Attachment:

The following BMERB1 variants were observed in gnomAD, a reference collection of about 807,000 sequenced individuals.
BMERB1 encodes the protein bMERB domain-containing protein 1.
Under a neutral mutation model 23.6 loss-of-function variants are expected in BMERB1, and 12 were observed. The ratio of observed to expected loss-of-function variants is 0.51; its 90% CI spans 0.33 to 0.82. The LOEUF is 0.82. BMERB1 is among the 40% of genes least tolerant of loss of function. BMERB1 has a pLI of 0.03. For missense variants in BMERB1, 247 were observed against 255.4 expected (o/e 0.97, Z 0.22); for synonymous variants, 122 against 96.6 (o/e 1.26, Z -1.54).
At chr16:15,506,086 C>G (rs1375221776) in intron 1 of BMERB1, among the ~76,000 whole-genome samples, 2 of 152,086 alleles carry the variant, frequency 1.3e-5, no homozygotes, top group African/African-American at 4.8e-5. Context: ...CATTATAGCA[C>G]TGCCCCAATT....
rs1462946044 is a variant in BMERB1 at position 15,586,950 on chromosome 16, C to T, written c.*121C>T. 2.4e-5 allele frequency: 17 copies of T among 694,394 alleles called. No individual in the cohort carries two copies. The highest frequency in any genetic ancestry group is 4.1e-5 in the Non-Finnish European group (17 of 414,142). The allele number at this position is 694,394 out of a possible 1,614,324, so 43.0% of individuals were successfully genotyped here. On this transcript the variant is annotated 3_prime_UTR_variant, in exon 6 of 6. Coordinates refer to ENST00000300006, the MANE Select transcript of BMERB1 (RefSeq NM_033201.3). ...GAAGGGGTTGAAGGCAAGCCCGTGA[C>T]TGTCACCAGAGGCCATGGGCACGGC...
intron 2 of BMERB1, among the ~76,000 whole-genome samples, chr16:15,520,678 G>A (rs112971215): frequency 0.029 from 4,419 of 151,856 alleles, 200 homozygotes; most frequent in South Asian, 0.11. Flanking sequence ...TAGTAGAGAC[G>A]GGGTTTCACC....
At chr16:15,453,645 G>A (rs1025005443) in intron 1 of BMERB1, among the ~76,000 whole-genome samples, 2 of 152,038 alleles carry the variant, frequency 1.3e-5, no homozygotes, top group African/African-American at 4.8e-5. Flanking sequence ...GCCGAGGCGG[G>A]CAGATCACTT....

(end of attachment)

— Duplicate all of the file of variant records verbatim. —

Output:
The following BMERB1 variants were observed in gnomAD, a reference collection of about 807,000 sequenced individuals.
BMERB1 encodes the protein bMERB domain-containing protein 1.
Under a neutral mutation model 23.6 loss-of-function variants are expected in BMERB1, and 12 were observed. The ratio of observed to expected loss-of-function variants is 0.51; its 90% CI spans 0.33 to 0.82. The LOEUF is 0.82. BMERB1 is among the 40% of genes least tolerant of loss of function. BMERB1 has a pLI of 0.03. For missense variants in BMERB1, 247 were observed against 255.4 expected (o/e 0.97, Z 0.22); for synonymous variants, 122 against 96.6 (o/e 1.26, Z -1.54).
At chr16:15,506,086 C>G (rs1375221776) in intron 1 of BMERB1, among the ~76,000 whole-genome samples, 2 of 152,086 alleles carry the variant, frequency 1.3e-5, no homozygotes, top group African/African-American at 4.8e-5. Context: ...CATTATAGCA[C>G]TGCCCCAATT....
rs1462946044 is a variant in BMERB1 at position 15,586,950 on chromosome 16, C to T, written c.*121C>T. 2.4e-5 allele frequency: 17 copies of T among 694,394 alleles called. No individual in the cohort carries two copies. The highest frequency in any genetic ancestry group is 4.1e-5 in the Non-Finnish European group (17 of 414,142). The allele number at this position is 694,394 out of a possible 1,614,324, so 43.0% of individuals were successfully genotyped here. On this transcript the variant is annotated 3_prime_UTR_variant, in exon 6 of 6. Coordinates refer to ENST00000300006, the MANE Select transcript of BMERB1 (RefSeq NM_033201.3). ...GAAGGGGTTGAAGGCAAGCCCGTGA[C>T]TGTCACCAGAGGCCATGGGCACGGC...
intron 2 of BMERB1, among the ~76,000 whole-genome samples, chr16:15,520,678 G>A (rs112971215): frequency 0.029 from 4,419 of 151,856 alleles, 200 homozygotes; most frequent in South Asian, 0.11. Flanking sequence ...TAGTAGAGAC[G>A]GGGTTTCACC....
At chr16:15,453,645 G>A (rs1025005443) in intron 1 of BMERB1, among the ~76,000 whole-genome samples, 2 of 152,038 alleles carry the variant, frequency 1.3e-5, no homozygotes, top group African/African-American at 4.8e-5. Flanking sequence ...GCCGAGGCGG[G>A]CAGATCACTT....